We were fed that same nonsense by the administration soon after the original invasion into Iraq two years ago. We heard White House officials mention “insurgency desperation” before the Iraqi election five months ago. Now we are to believe that the terrorists are really desperate this time around?
Let’s face it, the only desperation the murderers who are blowing up everything in sight (including themselves) will feel for some time is to be the first in line to kill Americans and Iraqis they see as our collaborators.
Even General John Abizaid, the leading U.S. commander in the Persian Gulf, contradicted the vice-president when he stated recently that the insurgency in Iraq is at least as strong as it was six months ago. Also, he added that more foreign fighters were entering Iraq than six months ago.
The most incredible statement from the vice-president’s interview might be that Iraq “will be an enormous success story.” Obviously, our government officials need to keep a positive outlook for the sake of our troops and the country’s morale in time of war. Yet, if the violence miraculously disappeared overnight, and our troops came home tomorrow - this debacle could never be considered “an enormous success.”
Has Mr. Cheney considered that 100,000 innocent Iraqi bystanders may have died in the crossfire over the last two years? Has he forgotten that $230 billion of U.S. taxes has been poured into Iraq so far? It can’t be lost on the vice-president that over 1500 U.S. troops have given their lives to topple one incompetent, madman dictator, Saddam Hussein. By any measure, the American intervention into Iraq is well past any possibility of being deemed “an enormous success.”
As our country’s support for the war effort erodes, even congressional supporters of President Bush such as Chuck Hegal and Lindsay Graham have questioned the government’s strategy in Iraq. Some Republican allies of the administration have called for a timetable from the Defense Department to get out of Iraq.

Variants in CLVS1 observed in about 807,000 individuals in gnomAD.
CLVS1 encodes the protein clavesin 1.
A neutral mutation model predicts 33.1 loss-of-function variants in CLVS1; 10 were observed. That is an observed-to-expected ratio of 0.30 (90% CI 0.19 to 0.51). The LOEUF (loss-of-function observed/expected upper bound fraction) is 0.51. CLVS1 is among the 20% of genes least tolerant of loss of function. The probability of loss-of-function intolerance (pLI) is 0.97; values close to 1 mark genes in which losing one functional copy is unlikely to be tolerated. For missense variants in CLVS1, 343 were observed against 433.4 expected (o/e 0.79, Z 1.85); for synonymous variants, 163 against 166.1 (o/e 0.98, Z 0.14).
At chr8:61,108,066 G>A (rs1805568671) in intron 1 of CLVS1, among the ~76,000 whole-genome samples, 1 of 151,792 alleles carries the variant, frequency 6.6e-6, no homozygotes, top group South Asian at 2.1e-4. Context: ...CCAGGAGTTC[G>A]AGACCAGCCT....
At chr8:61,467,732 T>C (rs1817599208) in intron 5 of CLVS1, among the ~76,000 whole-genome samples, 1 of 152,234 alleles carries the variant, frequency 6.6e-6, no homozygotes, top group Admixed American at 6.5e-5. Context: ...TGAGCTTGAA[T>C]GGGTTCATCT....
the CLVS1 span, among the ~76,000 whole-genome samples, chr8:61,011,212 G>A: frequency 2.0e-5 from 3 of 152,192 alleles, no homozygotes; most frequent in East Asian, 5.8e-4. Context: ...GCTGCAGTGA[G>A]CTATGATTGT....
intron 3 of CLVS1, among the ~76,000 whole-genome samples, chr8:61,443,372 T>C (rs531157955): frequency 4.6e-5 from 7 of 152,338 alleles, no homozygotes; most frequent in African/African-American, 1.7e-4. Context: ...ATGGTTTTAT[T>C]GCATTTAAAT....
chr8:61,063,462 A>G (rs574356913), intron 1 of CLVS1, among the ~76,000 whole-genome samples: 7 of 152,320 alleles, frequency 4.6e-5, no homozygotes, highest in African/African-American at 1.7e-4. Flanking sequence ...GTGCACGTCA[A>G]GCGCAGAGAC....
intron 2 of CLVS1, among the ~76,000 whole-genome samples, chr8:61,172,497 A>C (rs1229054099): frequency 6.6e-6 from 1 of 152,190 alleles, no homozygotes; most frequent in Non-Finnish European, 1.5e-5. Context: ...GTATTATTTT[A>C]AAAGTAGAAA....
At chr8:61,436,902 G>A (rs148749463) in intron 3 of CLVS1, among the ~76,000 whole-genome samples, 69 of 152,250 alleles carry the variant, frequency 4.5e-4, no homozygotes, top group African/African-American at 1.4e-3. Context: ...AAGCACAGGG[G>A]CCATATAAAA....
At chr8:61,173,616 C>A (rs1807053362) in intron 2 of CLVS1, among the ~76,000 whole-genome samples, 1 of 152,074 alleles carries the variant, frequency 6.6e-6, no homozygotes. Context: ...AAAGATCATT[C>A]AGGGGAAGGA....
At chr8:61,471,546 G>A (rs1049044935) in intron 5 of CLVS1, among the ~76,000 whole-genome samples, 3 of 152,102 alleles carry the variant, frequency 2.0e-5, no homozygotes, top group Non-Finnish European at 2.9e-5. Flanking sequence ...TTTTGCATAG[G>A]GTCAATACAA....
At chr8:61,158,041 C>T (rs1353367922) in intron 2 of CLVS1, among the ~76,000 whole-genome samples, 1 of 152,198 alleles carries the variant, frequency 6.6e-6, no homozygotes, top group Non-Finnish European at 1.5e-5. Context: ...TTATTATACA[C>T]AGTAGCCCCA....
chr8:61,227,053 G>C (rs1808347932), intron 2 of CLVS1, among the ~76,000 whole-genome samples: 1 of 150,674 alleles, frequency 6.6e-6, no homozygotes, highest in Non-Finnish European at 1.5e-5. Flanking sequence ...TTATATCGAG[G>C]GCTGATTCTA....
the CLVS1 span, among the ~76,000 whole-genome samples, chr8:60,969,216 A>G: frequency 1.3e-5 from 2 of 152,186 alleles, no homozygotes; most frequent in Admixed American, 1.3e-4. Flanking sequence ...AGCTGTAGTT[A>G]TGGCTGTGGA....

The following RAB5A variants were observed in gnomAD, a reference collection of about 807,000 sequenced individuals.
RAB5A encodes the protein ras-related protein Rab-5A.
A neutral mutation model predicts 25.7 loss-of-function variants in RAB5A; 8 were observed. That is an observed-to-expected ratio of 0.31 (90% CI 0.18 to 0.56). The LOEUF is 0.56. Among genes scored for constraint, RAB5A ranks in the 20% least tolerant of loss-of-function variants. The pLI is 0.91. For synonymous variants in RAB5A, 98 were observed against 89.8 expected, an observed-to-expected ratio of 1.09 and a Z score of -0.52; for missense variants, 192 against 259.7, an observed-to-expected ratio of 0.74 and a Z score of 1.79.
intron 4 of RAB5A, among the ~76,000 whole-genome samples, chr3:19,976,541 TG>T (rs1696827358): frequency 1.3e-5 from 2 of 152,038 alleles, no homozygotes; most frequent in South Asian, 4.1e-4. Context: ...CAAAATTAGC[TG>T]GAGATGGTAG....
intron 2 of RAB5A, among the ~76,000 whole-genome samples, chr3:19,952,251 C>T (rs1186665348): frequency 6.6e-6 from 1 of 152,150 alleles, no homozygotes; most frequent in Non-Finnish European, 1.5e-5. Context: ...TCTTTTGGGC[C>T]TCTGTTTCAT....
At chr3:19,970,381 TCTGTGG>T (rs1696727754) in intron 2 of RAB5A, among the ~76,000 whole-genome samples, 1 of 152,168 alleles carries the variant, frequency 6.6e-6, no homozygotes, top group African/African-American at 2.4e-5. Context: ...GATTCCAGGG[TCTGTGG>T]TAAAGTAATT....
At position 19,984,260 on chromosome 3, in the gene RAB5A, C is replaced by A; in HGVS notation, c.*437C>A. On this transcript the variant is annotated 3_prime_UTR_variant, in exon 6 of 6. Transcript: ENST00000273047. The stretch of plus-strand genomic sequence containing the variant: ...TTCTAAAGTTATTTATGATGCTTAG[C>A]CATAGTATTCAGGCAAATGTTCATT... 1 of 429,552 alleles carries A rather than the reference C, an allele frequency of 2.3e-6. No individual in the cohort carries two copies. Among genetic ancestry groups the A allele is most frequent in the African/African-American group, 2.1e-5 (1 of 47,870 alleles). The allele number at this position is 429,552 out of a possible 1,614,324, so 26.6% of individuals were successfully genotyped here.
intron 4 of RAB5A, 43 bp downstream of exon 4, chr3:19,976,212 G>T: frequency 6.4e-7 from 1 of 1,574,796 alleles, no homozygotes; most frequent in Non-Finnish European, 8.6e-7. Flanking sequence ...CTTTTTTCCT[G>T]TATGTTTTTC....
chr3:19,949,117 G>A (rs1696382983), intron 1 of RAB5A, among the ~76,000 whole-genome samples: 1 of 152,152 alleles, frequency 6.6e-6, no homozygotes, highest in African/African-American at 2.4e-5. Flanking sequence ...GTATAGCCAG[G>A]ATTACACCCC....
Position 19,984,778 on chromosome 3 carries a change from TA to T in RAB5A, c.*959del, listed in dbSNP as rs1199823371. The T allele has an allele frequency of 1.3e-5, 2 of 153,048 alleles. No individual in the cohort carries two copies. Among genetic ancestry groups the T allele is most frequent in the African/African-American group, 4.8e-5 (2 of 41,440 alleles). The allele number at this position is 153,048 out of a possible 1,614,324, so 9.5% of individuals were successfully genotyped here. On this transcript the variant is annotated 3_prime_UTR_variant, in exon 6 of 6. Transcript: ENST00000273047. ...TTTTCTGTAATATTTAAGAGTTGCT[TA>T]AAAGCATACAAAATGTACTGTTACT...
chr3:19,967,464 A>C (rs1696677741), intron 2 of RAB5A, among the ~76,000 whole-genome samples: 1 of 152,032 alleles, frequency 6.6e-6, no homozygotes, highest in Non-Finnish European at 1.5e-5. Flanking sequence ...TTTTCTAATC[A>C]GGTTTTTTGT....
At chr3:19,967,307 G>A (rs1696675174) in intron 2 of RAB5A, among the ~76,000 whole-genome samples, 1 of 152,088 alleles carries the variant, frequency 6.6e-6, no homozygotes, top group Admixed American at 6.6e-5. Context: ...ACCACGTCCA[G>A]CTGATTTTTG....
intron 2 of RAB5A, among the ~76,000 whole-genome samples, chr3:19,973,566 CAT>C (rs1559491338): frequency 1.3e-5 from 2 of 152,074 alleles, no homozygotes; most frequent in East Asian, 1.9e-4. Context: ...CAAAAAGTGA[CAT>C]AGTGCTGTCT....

Bush, Cheney, and Rumsfeld do make sense on this: we can’t leave now nor does it make any sense to publicize a timetable for U.S. troop withdrawal. The resulting civil war in the Middle East to fill the vacuum of our immediate withdrawal could cause world anarchy and maybe millions more deaths. When it is time for our soldiers to leave, just get the hell out. Our enemies don’t need to know in advance.
Somehow, we need to get the job in Iraq done together. Currently, the polls in this country show less than 40% support our handling of the war. I guarantee that percentage would skyrocket upward if President Bush just leveled with the American people that our current strategy in Iraq has not worked and we need to close ranks in order to fix it.
Of course there are some good things going on in Iraq, but overall it is quagmire with no end in sight. Why not state the obvious (we have a problem, Houston), lay out a comprehensive plan to accelerate installation of security forces from other countries into the peacekeeping effort, and give our soldiers hope that they will be coming home sometime, soon.
Is that too much to ask?